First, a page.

N-E monsoon foretells dengue danger | Daily News

N-E monsoon foretells dengue danger

The danger of dengue after a tough year is finally showing signs of easing, but experts warn that the oncoming northeast monsoon may reverse the positive trend, if we are not careful.

A 70 percent decrease has been reported in dengue cases when compared with the same period last year, and only 313 cases have been reported so far for the month of October.

The highest number of dengue cases – 7,654 – was reported from the Colombo district, while the second highest number – 4,308 – was reported from the Gampaha district. The third highest number – 4,300 – was reported in the Batticaloa district.

National Dengue Control Unit (NDCU) Director Dr. Hasitha Tissera said there could be an increase in the coming weeks considering prevailing weather conditions.

He said the Northern and Eastern Provinces, and Jaffna, Trincomalee and Batticaloa in particular, would be the most vulnerable areas in the country.

A total of 39,793 dengue cases and 43 deaths have been reported from all parts of the country until October 12 this year. The Colombo Municipal Council (CMC) reported 1,945 dengue cases during the same period. The other parts of the Colombo district recorded 5,709 dengue cases. The number of dengue cases reported in the Western Province is 14, 421.

The districts where most cases were reported were Colombo, Gampaha, Kalutara, Kandy, Galle, Matara, Jaffna, Batticaloa, Trincomalee, Kurunegala, Puttalam, Kegalle and Kalmunai.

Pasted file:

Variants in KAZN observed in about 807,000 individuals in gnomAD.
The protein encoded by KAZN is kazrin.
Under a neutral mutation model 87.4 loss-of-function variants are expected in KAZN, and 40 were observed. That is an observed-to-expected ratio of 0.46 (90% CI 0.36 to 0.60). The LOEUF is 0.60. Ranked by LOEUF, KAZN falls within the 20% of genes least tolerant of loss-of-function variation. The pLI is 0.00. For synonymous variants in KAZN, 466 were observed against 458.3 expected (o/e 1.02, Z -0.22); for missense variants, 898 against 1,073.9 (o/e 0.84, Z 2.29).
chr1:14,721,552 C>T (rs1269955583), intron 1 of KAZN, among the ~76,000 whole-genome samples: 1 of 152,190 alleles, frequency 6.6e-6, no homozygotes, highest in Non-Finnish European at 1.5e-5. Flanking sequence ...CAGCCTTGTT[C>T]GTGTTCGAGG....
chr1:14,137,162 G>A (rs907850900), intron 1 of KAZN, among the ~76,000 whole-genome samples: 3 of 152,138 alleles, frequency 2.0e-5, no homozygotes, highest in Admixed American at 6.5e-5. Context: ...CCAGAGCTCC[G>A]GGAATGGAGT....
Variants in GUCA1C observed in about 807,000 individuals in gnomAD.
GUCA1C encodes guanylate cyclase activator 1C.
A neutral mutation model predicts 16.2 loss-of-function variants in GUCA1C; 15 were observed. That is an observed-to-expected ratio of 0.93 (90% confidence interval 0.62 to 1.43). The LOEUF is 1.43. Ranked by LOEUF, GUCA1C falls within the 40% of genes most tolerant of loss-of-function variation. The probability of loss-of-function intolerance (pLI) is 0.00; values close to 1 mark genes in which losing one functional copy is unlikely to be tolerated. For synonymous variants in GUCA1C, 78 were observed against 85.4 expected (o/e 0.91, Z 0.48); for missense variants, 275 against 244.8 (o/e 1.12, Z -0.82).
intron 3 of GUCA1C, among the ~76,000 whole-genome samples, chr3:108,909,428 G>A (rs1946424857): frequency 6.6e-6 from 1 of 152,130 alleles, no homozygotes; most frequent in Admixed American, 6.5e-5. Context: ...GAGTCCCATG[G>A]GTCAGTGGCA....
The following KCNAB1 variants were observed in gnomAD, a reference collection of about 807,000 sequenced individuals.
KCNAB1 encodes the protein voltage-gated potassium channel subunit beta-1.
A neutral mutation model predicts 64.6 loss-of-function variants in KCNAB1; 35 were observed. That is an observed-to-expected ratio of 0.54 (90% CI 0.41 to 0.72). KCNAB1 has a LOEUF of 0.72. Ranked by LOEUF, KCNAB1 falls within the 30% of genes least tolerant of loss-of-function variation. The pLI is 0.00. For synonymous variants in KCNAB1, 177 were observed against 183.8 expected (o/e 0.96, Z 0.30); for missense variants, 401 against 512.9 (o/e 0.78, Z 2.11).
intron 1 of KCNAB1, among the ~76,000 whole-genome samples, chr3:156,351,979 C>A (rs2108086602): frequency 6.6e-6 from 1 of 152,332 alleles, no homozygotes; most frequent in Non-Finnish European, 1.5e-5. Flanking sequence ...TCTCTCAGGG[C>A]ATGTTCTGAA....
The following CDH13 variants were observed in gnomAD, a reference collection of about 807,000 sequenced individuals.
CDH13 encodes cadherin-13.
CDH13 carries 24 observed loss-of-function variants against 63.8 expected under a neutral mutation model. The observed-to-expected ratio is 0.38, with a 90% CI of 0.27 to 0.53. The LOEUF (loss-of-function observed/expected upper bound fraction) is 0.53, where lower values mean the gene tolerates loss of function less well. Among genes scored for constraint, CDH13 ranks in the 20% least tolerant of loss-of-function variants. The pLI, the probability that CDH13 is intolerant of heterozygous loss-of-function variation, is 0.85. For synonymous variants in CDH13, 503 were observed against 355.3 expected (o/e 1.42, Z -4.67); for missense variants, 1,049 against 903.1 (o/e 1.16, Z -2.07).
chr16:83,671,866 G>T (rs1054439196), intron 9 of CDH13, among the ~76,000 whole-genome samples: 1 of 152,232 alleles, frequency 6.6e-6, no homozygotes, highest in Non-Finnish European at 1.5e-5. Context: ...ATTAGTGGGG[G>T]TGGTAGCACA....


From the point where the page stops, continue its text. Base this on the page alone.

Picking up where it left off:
An urban disease

Dr Tissera said that dengue was mostly an urban disease. “Mosquitoes breed in manmade containers, in small collections of water, and the possibility is very high in urban settings,” he said.

He said dengue was a viral disease which spread easily. The main factors that influence the fast spreading of dengue are susceptible people and the abundance of mosquitoes, as it was a viral disease. External factors like weather conditions add to it and can lead to the breeding of more dengue mosquitoes.

Dr. Tissera called the dengue epidemic a cyclical phenomenon and added that uninfected mosquitoes get infected by people who are diagnosed with dengue fever.

And therefore the transmission continues.

“We have to break this phenomenon at different levels. We are now conscious about the ways in which we can prevent transmission,” he said.

Control measures

Dr. Tissera noted that they watch for specific areas of the outbreak of the disease, as cases are more easily identified when there is a cluster of patients caused by local transmission of the virus.

He added that when a cluster of patients is admitted or reported from one area, PHIs are immediately deployed to look into it and necessary measures would be taken.

The NDCU employed 1,300 field health workers last year at a national level as a part of source reduction campaign to support and help the public to remove water-collecting and mosquito-breeding points.

Dr. Tissera said the waste segregation campaign conducted by the Local Government and Provincial Councils Ministry greatly facilitated their dengue prevention campaign.